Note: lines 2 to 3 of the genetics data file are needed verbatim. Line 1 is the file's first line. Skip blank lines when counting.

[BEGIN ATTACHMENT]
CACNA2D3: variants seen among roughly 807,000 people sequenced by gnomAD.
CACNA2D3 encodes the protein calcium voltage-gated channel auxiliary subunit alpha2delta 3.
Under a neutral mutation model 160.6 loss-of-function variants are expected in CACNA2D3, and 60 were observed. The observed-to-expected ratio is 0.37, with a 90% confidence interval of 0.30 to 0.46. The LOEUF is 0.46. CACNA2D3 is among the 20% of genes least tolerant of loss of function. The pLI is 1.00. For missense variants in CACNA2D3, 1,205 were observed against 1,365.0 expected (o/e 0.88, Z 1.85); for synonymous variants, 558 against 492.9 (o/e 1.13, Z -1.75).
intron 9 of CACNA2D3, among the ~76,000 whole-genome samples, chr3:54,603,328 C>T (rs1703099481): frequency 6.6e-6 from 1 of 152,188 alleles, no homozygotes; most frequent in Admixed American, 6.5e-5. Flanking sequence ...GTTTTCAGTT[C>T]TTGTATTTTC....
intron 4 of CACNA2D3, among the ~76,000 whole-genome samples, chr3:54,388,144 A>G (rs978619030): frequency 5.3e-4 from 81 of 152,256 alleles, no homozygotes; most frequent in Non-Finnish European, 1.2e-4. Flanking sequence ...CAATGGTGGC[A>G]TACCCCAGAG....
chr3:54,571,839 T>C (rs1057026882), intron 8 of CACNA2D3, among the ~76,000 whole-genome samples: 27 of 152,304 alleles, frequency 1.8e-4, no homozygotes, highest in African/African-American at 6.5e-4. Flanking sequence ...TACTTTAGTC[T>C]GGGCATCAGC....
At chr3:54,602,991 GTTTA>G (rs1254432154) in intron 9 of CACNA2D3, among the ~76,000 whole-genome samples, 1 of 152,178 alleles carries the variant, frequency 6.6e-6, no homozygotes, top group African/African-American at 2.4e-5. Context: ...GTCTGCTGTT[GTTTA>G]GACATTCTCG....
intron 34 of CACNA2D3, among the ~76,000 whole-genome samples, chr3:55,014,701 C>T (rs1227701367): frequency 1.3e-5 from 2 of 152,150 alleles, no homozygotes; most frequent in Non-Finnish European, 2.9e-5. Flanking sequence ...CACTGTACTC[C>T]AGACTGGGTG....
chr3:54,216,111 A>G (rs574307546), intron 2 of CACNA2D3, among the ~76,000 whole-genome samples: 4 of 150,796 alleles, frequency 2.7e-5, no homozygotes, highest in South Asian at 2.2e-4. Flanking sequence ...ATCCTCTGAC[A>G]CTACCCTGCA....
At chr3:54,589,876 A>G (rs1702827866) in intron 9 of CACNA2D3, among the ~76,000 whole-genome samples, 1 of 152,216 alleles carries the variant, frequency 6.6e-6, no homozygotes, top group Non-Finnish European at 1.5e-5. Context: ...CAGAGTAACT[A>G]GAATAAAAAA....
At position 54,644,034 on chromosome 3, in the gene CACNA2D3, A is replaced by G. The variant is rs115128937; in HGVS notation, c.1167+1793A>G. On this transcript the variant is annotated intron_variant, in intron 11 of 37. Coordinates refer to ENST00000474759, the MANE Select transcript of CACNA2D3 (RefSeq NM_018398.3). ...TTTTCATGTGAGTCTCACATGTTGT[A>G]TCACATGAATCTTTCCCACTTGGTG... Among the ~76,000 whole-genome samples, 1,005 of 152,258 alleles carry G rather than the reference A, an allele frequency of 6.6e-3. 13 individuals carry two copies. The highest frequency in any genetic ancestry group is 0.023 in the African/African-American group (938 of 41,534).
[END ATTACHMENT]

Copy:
CACNA2D3 encodes the protein calcium voltage-gated channel auxiliary subunit alpha2delta 3.
Under a neutral mutation model 160.6 loss-of-function variants are expected in CACNA2D3, and 60 were observed. The observed-to-expected ratio is 0.37, with a 90% confidence interval of 0.30 to 0.46. The LOEUF is 0.46. CACNA2D3 is among the 20% of genes least tolerant of loss of function. The pLI is 1.00. For missense variants in CACNA2D3, 1,205 were observed against 1,365.0 expected (o/e 0.88, Z 1.85); for synonymous variants, 558 against 492.9 (o/e 1.13, Z -1.75).